Oddly, the phone itself does support multitouch functionality; the European version, the Milestone, even allows for it. No one’s really quite sure why the American Droid doesn’t — well, no one who’s talking, anyway. Some theories suggest it might have something to do with Apple’s multitouch patents, while others hypothesize that multitouch might clash with existing Android 2.0 applications.
Whatever the reason, one thing’s for certain: It sure would be nice to pinch and zoom while surfing the mobile Web. Well, my fellow Droid fans, I come bearing good news: Multitouch has arrived. You just have to know where to find it.
Android, Meet Dolphin
Our answer comes in the form of a cool little program called Dolphin Browser. The app, available for free in the Android Market, packs a lot of extra power into your Android browsing experience.
I’ve been using Dolphin in conjunction with Android’s built-in browser for a while now, but it just hadn’t quite won me over enough to become my system default. Over the holiday weekend, however, its developer released an updated version that added in the multitouch support — and, suffice it to say, I’m in.
Dolphin’s multitouch function will be familiar to anyone who’s used an iPhone: You pinch your fingers together to zoom in, pinch them apart to zoom out. Couldn’t be simpler.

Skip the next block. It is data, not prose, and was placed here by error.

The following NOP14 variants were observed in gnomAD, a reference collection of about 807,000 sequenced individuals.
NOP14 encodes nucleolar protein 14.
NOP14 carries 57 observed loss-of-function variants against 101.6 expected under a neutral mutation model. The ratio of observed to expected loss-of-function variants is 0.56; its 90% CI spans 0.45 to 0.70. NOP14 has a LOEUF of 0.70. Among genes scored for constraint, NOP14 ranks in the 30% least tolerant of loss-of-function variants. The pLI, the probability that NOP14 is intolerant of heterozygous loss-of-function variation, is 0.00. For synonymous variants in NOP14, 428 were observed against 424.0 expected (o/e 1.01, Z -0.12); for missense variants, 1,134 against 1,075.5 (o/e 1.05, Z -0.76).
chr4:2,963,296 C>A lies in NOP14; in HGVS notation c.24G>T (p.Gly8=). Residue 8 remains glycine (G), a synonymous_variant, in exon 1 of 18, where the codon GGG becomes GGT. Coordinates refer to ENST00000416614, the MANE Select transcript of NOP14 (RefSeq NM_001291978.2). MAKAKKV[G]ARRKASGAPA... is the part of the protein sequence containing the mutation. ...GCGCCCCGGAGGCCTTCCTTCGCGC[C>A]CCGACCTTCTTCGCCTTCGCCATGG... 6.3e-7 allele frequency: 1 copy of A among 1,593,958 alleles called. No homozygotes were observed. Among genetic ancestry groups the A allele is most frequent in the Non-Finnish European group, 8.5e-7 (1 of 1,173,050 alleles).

More Android Browsing Power
The rest of what Dolphin offers shouldn’t be overlooked. Its gesture-command support is, quite frankly, almost as impressive as the multitouch. You set up a series of custom gestures to control everything from navigating forward or backward to opening your bookmarks. Then, anytime you want to perform one of those commands, you just touch the gesture symbol and draw in your lines.
Dolphin Browser also supports multiple tabs — I find them much easier to visualize and manage than the multiple windows in Android’s built-in browser — and some integrated social sharing options.
One quick tip: When you’re exiting the app, rather than just hitting your Home button, press and hold the back button for two to three seconds. That’ll bring up a menu that allows you to fully stop the process and clear the cache, which seems to help prevent some problems people have reported with the program force-closing upon exit.
You can see more about the Dolphin Browser for Android in this video. Neither the grammar nor the spelling is the greatest — but forgive that, and I think you’ll be pretty impressed.